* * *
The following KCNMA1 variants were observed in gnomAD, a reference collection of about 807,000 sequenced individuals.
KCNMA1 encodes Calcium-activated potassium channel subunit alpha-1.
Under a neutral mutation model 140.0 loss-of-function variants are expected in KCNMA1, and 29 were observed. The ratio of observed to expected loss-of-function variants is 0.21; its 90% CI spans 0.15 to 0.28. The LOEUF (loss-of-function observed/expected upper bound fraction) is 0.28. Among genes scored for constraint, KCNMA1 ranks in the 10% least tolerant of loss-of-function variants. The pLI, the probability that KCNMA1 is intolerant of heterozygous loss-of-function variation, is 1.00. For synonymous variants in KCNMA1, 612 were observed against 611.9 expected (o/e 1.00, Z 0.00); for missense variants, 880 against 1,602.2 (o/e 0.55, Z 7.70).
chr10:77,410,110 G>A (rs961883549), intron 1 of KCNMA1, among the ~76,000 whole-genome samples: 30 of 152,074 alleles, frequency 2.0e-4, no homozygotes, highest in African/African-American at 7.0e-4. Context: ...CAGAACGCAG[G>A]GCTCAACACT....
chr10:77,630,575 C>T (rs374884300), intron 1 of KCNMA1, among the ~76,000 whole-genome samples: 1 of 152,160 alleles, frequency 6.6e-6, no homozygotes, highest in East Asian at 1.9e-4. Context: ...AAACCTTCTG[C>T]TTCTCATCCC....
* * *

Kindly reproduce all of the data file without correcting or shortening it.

The following KCNMA1 variants were observed in gnomAD, a reference collection of about 807,000 sequenced individuals.
KCNMA1 encodes Calcium-activated potassium channel subunit alpha-1.
Under a neutral mutation model 140.0 loss-of-function variants are expected in KCNMA1, and 29 were observed. The ratio of observed to expected loss-of-function variants is 0.21; its 90% CI spans 0.15 to 0.28. The LOEUF (loss-of-function observed/expected upper bound fraction) is 0.28. Among genes scored for constraint, KCNMA1 ranks in the 10% least tolerant of loss-of-function variants. The pLI, the probability that KCNMA1 is intolerant of heterozygous loss-of-function variation, is 1.00. For synonymous variants in KCNMA1, 612 were observed against 611.9 expected (o/e 1.00, Z 0.00); for missense variants, 880 against 1,602.2 (o/e 0.55, Z 7.70).
chr10:77,410,110 G>A (rs961883549), intron 1 of KCNMA1, among the ~76,000 whole-genome samples: 30 of 152,074 alleles, frequency 2.0e-4, no homozygotes, highest in African/African-American at 7.0e-4. Context: ...CAGAACGCAG[G>A]GCTCAACACT....
chr10:77,630,575 C>T (rs374884300), intron 1 of KCNMA1, among the ~76,000 whole-genome samples: 1 of 152,160 alleles, frequency 6.6e-6, no homozygotes, highest in East Asian at 1.9e-4. Context: ...AAACCTTCTG[C>T]TTCTCATCCC....